The nuclear standoff with Iran is heating up. Today the United States and five other nations, including all the permanent members of the U.N. Security Council, decided to meet on Monday to discuss their options. Three days ago Iran restarted its nuclear research program, something it had promised it not to do. Iran maintains that it has no intention of building nuclear weapons.

Senate Democrats are pushing to delay a vote on Supreme Court nominee Samuel Alito, whose confirmation hearings wrapped up today. Ranking Democrat Patrick Leahy has indicated he wants a one-week delay which the rules do allow. Democrats also refused to publicly rule out a filibuster, but Senate sources say that scenario is unlikely.

And in the southern Californian desert, a major drug bust. Drug enforcement agents seized 31 pounds of Mexican heroin with an estimated street value of $1.3 million. That is enough heroin for as many as 280,000 doses. Three people were arrested.

Well, a 15-year-old boy brought what looked like to be a gun to school today. It turned out to be a pellet gun. Right now, the boy is near death in a hospital in Orlando, Florida, shot in school after aiming that gun at a police officer.

The story of Christopher David Penley, an eighth grader at the Milwee Middle School in Longwood, Florida, is already a sad one, and yet be truly tragic, depending on how the boy fares.

CNN's John Zarrella reports.

(BEGIN VIDEOTAPE)

UNIDENTIFIED FEMALE: We were like talking and everything. We had our seatbelts on and everything. And then we heard -- it was like boom and everybody stopped talking.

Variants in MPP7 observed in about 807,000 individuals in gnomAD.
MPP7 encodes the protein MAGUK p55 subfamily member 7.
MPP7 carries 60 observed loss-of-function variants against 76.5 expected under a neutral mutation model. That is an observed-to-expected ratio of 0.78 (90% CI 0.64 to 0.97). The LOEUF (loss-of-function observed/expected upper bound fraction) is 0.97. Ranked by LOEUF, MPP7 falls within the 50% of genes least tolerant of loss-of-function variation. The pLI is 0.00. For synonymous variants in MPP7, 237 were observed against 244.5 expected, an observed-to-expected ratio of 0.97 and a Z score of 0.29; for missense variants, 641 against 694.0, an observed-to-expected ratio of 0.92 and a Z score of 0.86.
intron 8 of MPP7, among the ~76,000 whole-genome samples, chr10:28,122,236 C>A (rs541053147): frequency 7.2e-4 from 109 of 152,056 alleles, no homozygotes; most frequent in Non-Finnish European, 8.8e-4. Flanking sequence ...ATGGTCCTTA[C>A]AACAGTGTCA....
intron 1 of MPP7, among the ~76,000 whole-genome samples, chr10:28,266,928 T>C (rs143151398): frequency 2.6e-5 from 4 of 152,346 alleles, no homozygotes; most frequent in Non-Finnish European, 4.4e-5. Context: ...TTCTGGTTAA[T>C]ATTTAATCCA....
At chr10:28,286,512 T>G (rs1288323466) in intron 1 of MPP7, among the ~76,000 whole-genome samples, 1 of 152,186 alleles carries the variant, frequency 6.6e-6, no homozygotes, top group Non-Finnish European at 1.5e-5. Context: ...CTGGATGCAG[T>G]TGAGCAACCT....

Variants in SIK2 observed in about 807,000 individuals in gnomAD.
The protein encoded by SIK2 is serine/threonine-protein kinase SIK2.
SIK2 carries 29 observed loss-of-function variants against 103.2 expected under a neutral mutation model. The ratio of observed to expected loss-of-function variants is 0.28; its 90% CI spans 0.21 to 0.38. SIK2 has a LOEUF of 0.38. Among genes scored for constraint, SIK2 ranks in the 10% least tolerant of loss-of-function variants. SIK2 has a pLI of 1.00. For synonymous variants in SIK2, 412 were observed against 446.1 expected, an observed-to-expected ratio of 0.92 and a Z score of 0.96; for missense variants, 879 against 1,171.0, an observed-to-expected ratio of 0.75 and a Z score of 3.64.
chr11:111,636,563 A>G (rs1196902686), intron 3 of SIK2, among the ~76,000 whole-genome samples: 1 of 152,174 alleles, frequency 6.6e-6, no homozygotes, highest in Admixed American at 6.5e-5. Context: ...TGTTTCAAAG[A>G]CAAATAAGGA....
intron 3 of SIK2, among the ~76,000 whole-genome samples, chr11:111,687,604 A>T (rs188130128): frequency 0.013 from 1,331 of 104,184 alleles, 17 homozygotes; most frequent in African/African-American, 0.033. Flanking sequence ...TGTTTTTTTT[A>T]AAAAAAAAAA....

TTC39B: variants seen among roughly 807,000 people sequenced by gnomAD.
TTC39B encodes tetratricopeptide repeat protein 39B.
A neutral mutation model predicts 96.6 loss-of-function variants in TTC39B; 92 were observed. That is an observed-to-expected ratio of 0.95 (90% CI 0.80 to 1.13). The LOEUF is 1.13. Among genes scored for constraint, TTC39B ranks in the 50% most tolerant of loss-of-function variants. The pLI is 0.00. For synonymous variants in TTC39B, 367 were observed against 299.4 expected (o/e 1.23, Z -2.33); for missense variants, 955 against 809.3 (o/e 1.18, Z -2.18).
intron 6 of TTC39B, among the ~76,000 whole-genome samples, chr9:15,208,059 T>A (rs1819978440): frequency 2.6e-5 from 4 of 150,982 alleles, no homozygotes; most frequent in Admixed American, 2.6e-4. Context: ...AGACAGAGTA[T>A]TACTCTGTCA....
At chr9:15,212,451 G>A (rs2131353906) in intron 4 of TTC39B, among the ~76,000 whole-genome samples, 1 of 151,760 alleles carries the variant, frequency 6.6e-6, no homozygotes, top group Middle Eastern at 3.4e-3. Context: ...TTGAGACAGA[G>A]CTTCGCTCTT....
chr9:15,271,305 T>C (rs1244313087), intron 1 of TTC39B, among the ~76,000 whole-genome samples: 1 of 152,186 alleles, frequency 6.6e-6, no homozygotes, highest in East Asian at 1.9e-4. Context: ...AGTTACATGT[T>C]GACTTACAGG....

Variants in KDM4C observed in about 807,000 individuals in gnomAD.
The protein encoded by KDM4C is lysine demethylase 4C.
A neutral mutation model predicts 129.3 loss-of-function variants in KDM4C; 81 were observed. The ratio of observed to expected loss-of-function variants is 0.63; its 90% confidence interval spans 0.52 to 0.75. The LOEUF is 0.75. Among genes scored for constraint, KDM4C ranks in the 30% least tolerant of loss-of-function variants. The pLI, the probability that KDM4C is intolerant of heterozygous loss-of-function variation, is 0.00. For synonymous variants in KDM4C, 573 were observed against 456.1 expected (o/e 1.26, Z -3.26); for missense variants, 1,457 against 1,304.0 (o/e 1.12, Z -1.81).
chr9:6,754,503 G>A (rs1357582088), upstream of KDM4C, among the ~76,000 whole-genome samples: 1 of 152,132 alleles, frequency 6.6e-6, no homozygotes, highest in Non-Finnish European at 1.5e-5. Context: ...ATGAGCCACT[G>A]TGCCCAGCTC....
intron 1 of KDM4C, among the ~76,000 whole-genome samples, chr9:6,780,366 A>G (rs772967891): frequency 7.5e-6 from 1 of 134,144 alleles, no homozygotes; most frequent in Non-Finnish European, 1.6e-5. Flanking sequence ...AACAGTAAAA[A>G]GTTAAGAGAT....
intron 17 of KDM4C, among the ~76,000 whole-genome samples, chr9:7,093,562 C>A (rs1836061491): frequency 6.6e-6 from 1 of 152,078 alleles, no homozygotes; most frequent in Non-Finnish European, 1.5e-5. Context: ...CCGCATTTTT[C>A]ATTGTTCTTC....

JOHN ZARRELLA, CNN CORRESPONDENT (voice-over): Fear and panic as a Florida middle school went into lockdown after a 15-year-old boy was found in class with what looked like a .9 millimeter handgun. After a scuffle, he ordered a classmate into a closet and began roaming the campus.

UNIDENTIFIED FEMALE: He kept on being like get on the floor and shut the door, shut the door and saying oh he's got a gun, he's got a gun.

ZARRELLA: Police soon caught up with the eighth grader, who they say was suicidal.

BILL VOGEL, SEMINOLE COUNTY SCHOOL SUPERINTENDENT: The student as he was walking around was isolated into a particular area, and students were moved away to ensure their safety. SHERIFF DON ESLINGER, SEMINOLE COUNTY, FLORIDA: During that foot pursuit, he had made statements that, "I'm going to kill myself" or "I'm going to die somehow," I think is what he said and then pointed the gun to his neck during that -- those minutes.

ZARRELLA: Police say they pleaded with the boy to drop the gun, but he refused, and when he raised the weapon towards officers, a member of the SWAT team shot him. It turns out the student's weapon was a pellet gun, which police say had been painted to look like a handgun.

UNIDENTIFIED MALE: This is the actual firearm that was held by the subject inside of the one that I'm holding. During the incident, and as you can see, it looks almost identical to the one that Sactali (ph) is holding, which is the actual real .9 millimeter handgun.

(END VIDEOTAPE)

ZARRELLA: Now, police tell us that there was absolutely no way that they could tell the difference between the pellet gun and the real gun. The Florida Department of Law Enforcement is investigating this police-involved shooting, which is standard procedure. School officials told us that they had never in the past had any problems with the teen -- Anderson.